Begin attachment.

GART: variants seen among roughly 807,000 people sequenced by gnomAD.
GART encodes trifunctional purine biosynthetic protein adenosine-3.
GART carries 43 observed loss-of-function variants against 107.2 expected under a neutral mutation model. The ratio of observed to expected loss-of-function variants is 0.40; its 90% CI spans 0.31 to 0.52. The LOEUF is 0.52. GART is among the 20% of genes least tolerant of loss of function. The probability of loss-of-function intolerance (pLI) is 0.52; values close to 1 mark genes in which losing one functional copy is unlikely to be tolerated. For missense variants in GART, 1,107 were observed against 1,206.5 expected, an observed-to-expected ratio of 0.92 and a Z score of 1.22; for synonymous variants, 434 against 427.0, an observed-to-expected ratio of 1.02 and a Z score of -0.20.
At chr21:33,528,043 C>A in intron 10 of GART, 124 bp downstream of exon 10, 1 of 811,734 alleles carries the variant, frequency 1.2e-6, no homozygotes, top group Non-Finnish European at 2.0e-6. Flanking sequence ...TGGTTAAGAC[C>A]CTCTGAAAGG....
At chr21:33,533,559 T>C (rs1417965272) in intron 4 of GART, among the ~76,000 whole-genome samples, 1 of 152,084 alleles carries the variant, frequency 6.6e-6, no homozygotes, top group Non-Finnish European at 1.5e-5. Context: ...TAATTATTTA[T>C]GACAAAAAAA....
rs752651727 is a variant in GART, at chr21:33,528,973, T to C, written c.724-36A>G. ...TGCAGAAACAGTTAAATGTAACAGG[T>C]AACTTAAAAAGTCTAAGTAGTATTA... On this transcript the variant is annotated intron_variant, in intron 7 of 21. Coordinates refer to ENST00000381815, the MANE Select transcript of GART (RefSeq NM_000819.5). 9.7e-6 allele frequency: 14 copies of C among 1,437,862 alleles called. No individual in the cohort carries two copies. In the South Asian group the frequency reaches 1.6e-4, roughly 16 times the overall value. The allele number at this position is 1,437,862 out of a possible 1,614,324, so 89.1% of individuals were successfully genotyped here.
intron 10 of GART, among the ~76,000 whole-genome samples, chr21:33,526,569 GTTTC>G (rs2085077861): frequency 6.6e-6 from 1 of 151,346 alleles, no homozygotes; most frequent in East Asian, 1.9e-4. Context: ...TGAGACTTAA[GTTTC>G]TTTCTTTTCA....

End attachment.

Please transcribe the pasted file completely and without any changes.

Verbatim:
GART: variants seen among roughly 807,000 people sequenced by gnomAD.
GART encodes trifunctional purine biosynthetic protein adenosine-3.
GART carries 43 observed loss-of-function variants against 107.2 expected under a neutral mutation model. The ratio of observed to expected loss-of-function variants is 0.40; its 90% CI spans 0.31 to 0.52. The LOEUF is 0.52. GART is among the 20% of genes least tolerant of loss of function. The probability of loss-of-function intolerance (pLI) is 0.52; values close to 1 mark genes in which losing one functional copy is unlikely to be tolerated. For missense variants in GART, 1,107 were observed against 1,206.5 expected, an observed-to-expected ratio of 0.92 and a Z score of 1.22; for synonymous variants, 434 against 427.0, an observed-to-expected ratio of 1.02 and a Z score of -0.20.
At chr21:33,528,043 C>A in intron 10 of GART, 124 bp downstream of exon 10, 1 of 811,734 alleles carries the variant, frequency 1.2e-6, no homozygotes, top group Non-Finnish European at 2.0e-6. Flanking sequence ...TGGTTAAGAC[C>A]CTCTGAAAGG....
At chr21:33,533,559 T>C (rs1417965272) in intron 4 of GART, among the ~76,000 whole-genome samples, 1 of 152,084 alleles carries the variant, frequency 6.6e-6, no homozygotes, top group Non-Finnish European at 1.5e-5. Context: ...TAATTATTTA[T>C]GACAAAAAAA....
rs752651727 is a variant in GART, at chr21:33,528,973, T to C, written c.724-36A>G. ...TGCAGAAACAGTTAAATGTAACAGG[T>C]AACTTAAAAAGTCTAAGTAGTATTA... On this transcript the variant is annotated intron_variant, in intron 7 of 21. Coordinates refer to ENST00000381815, the MANE Select transcript of GART (RefSeq NM_000819.5). 9.7e-6 allele frequency: 14 copies of C among 1,437,862 alleles called. No individual in the cohort carries two copies. In the South Asian group the frequency reaches 1.6e-4, roughly 16 times the overall value. The allele number at this position is 1,437,862 out of a possible 1,614,324, so 89.1% of individuals were successfully genotyped here.
intron 10 of GART, among the ~76,000 whole-genome samples, chr21:33,526,569 GTTTC>G (rs2085077861): frequency 6.6e-6 from 1 of 151,346 alleles, no homozygotes; most frequent in East Asian, 1.9e-4. Context: ...TGAGACTTAA[GTTTC>G]TTTCTTTTCA....